- Resource Centers
The American College of Clinical Pharmacy (ACCP), American Pharmacists Association (APhA), the American Society of Health-System Pharmacists (ASHP), and the Pediatric Pharmacy Advocacy Group (PPAG) have submitted a petition to the Board of Pharmacy Specialties (BPS) seeking recognition of pediatric pharmacy practice as a specialty in pharmacy.
The four national pharmacist organizations provided a detailed case for specialty recognition by citing the complex and unique needs of pediatric patients, who require highly individualized care due to varying ages, weights, and developmental stages. Board recognition is essential because the health challenges facing today’s pediatric patients are not being adequately addressed by pharmacists in general practice or other specialty practices, the organizations said in their petition to BPS.
Approximately 70 percent of all pediatric hospital bed days are for chronic illnesses. In 2006, approximately 14 percent of U.S. children were reported to have special health care needs and 22 percent of households with children had at least one child with a special health care need. Although the needs are substantial and diverse in pediatrics, it has been reported by the Children’s Hospital Association that shortages of pediatric care means that many young patients must wait weeks and sometimes months to get an appointment. In a nationwide survey of rural hospitals, more than 36 percent responded that they were experiencing a shortage of pediatric providers within all disciplines.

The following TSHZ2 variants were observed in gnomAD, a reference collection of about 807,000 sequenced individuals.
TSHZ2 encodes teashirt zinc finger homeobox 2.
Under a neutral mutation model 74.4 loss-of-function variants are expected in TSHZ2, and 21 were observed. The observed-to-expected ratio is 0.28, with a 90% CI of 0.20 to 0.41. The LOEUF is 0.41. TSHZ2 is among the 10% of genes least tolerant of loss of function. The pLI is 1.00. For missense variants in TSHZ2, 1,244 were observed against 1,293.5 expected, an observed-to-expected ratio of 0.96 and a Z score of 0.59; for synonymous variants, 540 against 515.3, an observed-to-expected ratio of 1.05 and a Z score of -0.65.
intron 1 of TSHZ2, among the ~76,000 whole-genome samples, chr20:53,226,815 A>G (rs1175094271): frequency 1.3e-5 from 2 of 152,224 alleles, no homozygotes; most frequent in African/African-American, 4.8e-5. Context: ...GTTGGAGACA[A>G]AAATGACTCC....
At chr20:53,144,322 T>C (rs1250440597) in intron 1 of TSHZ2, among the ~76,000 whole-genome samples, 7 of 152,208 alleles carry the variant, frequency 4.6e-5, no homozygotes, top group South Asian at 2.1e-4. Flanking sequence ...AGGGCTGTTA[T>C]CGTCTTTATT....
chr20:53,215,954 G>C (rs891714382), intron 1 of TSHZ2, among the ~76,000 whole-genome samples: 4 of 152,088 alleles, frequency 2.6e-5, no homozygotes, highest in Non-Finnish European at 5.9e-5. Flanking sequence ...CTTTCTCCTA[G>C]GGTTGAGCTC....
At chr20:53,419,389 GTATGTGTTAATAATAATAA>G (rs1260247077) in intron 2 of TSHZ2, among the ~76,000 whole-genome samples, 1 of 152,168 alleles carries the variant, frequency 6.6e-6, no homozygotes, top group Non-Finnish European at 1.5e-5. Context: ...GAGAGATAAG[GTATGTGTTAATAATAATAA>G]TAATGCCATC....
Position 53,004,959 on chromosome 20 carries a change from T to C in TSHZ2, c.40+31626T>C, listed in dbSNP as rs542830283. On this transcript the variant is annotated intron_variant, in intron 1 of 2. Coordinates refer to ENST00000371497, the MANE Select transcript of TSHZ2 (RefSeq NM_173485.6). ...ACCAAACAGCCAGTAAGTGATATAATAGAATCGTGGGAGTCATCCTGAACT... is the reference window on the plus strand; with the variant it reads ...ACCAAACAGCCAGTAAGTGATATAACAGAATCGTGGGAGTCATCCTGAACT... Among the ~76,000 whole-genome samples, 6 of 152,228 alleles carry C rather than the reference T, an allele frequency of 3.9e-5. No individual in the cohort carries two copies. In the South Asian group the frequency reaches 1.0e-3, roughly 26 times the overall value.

In their petition, the organizations addressed the seven required BPS criteria, including the need and demand for recognition; the number of pharmacists who devote most of their time to pediatric pharmacy practice, which the organizations estimated as being at least between 4,000 to 5,000; and the education, training and experience required of pediatric pharmacists.
ASHP will host a BPS open hearing on the petition, as well as another petition for a critical care specialty, on Tuesday, December 4 from 11:30 a.m. to 1 p.m. at its Midyear Clinical Meeting in Las Vegas. This open hearing is part of BPS’s public comment period soliciting input from the pharmacy profession, other health professions, third-party payers, and the public in support or in opposition to these petitions. BPS will consider the comments from this hearing in their deliberations along with the evidence presented by the petitioning organizations to meet the criteria to recognize a new pharmacy specialty.
View the petition and related information at www.bpsweb.org.